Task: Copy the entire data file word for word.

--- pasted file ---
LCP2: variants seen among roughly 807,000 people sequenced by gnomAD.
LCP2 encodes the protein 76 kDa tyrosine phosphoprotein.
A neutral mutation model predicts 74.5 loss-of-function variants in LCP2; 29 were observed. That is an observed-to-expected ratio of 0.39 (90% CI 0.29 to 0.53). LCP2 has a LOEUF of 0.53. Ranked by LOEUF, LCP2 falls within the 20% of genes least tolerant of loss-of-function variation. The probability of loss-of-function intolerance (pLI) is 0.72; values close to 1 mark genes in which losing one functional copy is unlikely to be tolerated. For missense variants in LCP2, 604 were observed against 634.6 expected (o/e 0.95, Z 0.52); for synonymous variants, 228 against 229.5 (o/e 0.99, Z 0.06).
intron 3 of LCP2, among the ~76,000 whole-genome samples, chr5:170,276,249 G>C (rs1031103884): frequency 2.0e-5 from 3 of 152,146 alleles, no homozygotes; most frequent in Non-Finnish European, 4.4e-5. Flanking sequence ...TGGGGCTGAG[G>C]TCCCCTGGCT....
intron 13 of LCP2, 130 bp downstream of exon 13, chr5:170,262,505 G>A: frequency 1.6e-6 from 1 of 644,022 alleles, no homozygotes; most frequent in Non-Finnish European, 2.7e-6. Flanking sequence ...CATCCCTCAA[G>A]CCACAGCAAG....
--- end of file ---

LCP2: variants seen among roughly 807,000 people sequenced by gnomAD.
LCP2 encodes the protein 76 kDa tyrosine phosphoprotein.
A neutral mutation model predicts 74.5 loss-of-function variants in LCP2; 29 were observed. That is an observed-to-expected ratio of 0.39 (90% CI 0.29 to 0.53). LCP2 has a LOEUF of 0.53. Ranked by LOEUF, LCP2 falls within the 20% of genes least tolerant of loss-of-function variation. The probability of loss-of-function intolerance (pLI) is 0.72; values close to 1 mark genes in which losing one functional copy is unlikely to be tolerated. For missense variants in LCP2, 604 were observed against 634.6 expected (o/e 0.95, Z 0.52); for synonymous variants, 228 against 229.5 (o/e 0.99, Z 0.06).
intron 3 of LCP2, among the ~76,000 whole-genome samples, chr5:170,276,249 G>C (rs1031103884): frequency 2.0e-5 from 3 of 152,146 alleles, no homozygotes; most frequent in Non-Finnish European, 4.4e-5. Flanking sequence ...TGGGGCTGAG[G>C]TCCCCTGGCT....
intron 13 of LCP2, 130 bp downstream of exon 13, chr5:170,262,505 G>A: frequency 1.6e-6 from 1 of 644,022 alleles, no homozygotes; most frequent in Non-Finnish European, 2.7e-6. Flanking sequence ...CATCCCTCAA[G>A]CCACAGCAAG....